3:30 pm

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As the weather becomes chilly and I am, as always, without a jacket, we take our nap into the waiting room. The interior of the room is fashioned like a hanok, or a traditional Korean hut. Straw walls, a boiler for winter, and a low wooden platform for people to sit on. I lie down on on the platform like one of those countryside grandmas you so often see in daily dramas.

Before long one of the station staff approaches us for a chat, asking with interest about where we've come from and what we're doing in such a remote and rural area. He invites us for coffee in the office but we decline politely because we're too lazy to move from where we are.

After he leaves, a group of 4 grandpas travelling together enter the waiting room. It doesn't take long for them to notice us and strike up a conversation as well. We got a lot of attention because I hadn't seen anyone all afternoon who was under the age of 60. Well apart from Ajusshi and his wife, who looked to be in their early 40s. I guess these folks are probably wondering why we look young but behave like we're their age, with the napping and all.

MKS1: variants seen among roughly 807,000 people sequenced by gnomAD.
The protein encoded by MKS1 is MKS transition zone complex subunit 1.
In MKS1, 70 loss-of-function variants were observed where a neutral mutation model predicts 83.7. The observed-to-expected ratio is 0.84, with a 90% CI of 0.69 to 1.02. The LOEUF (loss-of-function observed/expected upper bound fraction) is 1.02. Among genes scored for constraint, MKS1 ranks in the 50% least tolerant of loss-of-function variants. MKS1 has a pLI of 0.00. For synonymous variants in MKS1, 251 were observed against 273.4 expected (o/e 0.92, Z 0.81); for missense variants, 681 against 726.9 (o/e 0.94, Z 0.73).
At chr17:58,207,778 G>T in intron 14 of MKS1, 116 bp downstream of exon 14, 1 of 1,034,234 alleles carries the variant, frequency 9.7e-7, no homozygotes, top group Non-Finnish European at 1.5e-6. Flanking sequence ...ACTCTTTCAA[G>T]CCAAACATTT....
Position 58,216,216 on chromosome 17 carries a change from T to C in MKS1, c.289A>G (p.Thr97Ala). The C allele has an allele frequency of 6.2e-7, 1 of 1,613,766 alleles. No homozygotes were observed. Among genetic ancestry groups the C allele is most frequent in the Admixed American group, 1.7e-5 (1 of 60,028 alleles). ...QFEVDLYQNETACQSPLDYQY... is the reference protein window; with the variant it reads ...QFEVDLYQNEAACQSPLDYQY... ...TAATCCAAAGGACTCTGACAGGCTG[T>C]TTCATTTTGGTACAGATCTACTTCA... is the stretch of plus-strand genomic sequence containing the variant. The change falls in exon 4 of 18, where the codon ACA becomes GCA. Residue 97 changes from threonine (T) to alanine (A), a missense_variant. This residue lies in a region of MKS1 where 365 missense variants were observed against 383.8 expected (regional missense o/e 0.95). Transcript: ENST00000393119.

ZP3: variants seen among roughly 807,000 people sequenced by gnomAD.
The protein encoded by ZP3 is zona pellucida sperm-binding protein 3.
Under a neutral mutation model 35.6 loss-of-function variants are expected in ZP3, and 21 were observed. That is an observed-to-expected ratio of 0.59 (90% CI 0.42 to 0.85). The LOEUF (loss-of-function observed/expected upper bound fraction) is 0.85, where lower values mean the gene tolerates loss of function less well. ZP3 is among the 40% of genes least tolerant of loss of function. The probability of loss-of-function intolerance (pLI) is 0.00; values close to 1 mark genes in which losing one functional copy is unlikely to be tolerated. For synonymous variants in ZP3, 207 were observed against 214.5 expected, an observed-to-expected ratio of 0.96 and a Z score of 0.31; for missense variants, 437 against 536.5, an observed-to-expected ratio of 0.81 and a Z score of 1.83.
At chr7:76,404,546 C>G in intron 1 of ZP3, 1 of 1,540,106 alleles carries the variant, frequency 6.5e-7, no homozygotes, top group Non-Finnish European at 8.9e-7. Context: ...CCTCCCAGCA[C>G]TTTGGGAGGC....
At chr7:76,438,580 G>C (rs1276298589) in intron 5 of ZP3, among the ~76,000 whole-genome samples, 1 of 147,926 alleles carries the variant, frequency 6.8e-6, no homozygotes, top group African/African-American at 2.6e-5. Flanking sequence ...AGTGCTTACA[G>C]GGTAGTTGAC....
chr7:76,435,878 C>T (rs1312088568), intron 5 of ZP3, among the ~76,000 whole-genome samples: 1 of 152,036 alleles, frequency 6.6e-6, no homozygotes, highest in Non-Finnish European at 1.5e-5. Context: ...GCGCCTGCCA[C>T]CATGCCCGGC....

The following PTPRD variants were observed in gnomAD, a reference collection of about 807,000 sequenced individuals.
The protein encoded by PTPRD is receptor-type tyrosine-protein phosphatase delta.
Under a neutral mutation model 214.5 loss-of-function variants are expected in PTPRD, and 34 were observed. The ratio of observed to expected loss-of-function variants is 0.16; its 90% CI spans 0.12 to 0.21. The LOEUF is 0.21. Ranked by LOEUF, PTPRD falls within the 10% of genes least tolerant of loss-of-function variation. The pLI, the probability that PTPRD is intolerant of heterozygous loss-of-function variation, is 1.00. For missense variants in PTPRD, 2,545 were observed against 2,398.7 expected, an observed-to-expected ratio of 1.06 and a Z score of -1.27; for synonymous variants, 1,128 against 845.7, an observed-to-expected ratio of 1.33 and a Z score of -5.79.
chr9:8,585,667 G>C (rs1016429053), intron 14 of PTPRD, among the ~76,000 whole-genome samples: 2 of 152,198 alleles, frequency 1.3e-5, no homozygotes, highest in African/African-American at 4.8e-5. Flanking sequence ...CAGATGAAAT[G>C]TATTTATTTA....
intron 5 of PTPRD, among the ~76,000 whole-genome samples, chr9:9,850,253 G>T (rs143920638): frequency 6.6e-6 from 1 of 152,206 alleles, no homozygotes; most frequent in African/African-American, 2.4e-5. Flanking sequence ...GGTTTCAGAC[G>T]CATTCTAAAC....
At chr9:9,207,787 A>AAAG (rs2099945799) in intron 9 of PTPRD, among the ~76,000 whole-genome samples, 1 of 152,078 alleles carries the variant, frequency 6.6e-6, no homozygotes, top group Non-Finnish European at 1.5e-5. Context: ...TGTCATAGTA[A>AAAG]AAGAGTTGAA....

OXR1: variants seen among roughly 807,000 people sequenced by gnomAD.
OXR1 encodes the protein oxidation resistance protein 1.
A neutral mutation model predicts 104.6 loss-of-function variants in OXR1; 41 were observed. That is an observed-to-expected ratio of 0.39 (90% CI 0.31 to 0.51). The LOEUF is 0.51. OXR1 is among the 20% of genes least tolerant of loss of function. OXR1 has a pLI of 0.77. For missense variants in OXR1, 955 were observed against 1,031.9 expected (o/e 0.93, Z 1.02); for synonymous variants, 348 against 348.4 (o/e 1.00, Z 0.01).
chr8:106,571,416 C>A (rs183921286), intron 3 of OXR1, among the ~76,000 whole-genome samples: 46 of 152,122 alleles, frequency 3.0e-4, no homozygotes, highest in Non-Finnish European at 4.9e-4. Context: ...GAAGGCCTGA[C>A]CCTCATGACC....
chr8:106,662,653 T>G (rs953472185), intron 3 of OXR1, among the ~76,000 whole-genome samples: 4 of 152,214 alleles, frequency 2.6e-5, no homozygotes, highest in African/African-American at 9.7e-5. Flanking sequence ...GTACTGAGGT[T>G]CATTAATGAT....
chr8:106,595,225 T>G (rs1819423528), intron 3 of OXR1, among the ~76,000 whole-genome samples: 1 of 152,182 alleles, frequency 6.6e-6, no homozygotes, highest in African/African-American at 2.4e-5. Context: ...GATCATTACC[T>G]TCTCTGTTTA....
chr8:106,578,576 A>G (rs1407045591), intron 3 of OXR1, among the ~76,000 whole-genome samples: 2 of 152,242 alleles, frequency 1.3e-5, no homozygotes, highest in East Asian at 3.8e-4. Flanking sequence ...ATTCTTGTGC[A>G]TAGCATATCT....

One of the grandpas (who happened to be immaculately dressed) speaks seriously impressive English. He tells us that he visited Singapore in the 70s' and stayed at the Shangri-La. His friends listen solemnly to his anecdotes, nodding gravely at the pauses, though it's clear that they don't understand most of what he's saying hahahaha how very supportive of them. Another grandpa who's making instant coffee from satchets with hot water from the dispenser offers us some, which we accept gratefully. Sorry station guy.

These grandpas have also been friends for a long time, and were on the way to Jecheon (where the O-Train experienced a mass exodus that morning) to spend the night. I hope I get to do fun things when I'm old too.

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